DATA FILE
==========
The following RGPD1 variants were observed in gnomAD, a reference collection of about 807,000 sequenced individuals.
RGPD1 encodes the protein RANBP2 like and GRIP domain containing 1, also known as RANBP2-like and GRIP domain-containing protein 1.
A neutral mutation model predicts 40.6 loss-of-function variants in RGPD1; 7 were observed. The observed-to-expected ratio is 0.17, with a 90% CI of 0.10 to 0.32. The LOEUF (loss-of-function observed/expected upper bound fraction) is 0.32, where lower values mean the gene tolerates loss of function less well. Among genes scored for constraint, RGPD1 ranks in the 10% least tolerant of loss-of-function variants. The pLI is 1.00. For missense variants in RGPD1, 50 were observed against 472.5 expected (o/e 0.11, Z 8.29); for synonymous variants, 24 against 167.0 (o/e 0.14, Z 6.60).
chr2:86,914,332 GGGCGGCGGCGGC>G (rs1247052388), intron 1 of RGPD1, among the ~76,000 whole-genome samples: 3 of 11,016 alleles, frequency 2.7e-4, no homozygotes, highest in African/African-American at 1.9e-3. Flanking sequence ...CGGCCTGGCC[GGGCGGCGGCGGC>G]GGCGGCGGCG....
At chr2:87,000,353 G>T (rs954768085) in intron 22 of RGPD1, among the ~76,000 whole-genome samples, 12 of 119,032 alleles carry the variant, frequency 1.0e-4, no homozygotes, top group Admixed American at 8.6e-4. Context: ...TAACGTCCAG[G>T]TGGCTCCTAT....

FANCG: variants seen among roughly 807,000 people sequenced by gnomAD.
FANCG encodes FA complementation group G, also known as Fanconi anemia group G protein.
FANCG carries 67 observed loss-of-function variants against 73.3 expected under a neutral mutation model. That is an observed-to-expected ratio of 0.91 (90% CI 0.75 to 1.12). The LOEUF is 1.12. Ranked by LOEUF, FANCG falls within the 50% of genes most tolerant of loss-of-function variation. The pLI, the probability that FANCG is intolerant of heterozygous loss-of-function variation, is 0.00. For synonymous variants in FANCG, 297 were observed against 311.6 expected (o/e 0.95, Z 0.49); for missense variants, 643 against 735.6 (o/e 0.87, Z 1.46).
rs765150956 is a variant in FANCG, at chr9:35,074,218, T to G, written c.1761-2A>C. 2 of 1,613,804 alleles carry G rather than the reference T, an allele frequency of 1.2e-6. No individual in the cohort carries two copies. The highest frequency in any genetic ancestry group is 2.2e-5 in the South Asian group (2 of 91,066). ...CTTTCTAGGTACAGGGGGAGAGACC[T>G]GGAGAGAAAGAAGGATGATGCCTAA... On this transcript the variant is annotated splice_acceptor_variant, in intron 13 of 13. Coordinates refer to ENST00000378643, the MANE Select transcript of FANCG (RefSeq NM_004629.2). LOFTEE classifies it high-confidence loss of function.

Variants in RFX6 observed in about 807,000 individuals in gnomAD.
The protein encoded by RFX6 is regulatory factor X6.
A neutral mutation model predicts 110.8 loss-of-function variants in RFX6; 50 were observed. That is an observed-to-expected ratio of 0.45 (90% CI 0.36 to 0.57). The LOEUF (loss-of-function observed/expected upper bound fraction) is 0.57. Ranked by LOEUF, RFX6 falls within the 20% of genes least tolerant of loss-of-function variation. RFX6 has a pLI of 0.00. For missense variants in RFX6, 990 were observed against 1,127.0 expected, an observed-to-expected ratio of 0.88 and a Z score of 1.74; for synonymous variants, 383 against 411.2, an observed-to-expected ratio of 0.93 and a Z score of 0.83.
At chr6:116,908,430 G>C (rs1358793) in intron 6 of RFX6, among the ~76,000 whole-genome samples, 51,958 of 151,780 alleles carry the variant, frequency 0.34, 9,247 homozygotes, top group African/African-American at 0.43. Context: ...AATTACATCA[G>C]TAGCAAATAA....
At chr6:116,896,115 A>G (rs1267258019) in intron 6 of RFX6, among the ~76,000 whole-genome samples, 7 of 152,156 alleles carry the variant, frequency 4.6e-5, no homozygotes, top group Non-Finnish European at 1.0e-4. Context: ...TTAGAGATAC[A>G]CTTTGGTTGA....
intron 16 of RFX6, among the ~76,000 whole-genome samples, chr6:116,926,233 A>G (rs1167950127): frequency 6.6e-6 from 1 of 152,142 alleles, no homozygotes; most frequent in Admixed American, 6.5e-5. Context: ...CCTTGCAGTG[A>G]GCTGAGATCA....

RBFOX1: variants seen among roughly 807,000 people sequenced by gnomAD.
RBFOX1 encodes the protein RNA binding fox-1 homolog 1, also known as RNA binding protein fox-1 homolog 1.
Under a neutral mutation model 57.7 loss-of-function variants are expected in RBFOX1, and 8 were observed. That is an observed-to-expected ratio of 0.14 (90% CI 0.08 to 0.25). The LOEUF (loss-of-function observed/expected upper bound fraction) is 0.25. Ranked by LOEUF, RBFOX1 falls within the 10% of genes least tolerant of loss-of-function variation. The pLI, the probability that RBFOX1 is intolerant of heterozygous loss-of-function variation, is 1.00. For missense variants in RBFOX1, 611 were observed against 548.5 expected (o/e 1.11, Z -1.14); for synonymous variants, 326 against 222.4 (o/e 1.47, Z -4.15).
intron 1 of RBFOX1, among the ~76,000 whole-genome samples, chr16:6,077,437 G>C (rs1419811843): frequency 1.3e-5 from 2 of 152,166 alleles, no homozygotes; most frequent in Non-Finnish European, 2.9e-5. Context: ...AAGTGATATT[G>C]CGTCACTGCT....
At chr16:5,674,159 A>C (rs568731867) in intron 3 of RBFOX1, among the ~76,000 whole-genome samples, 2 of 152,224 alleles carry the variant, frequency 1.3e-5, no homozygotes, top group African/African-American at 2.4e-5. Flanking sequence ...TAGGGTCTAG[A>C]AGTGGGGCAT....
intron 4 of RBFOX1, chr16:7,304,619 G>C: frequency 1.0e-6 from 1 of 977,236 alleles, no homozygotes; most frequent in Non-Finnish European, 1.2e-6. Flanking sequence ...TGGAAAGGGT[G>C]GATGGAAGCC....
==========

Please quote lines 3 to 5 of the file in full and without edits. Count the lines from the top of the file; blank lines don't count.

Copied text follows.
A neutral mutation model predicts 40.6 loss-of-function variants in RGPD1; 7 were observed. The observed-to-expected ratio is 0.17, with a 90% CI of 0.10 to 0.32. The LOEUF (loss-of-function observed/expected upper bound fraction) is 0.32, where lower values mean the gene tolerates loss of function less well. Among genes scored for constraint, RGPD1 ranks in the 10% least tolerant of loss-of-function variants. The pLI is 1.00. For missense variants in RGPD1, 50 were observed against 472.5 expected (o/e 0.11, Z 8.29); for synonymous variants, 24 against 167.0 (o/e 0.14, Z 6.60).
chr2:86,914,332 GGGCGGCGGCGGC>G (rs1247052388), intron 1 of RGPD1, among the ~76,000 whole-genome samples: 3 of 11,016 alleles, frequency 2.7e-4, no homozygotes, highest in African/African-American at 1.9e-3. Flanking sequence ...CGGCCTGGCC[GGGCGGCGGCGGC>G]GGCGGCGGCG....
At chr2:87,000,353 G>T (rs954768085) in intron 22 of RGPD1, among the ~76,000 whole-genome samples, 12 of 119,032 alleles carry the variant, frequency 1.0e-4, no homozygotes, top group Admixed American at 8.6e-4. Context: ...TAACGTCCAG[G>T]TGGCTCCTAT....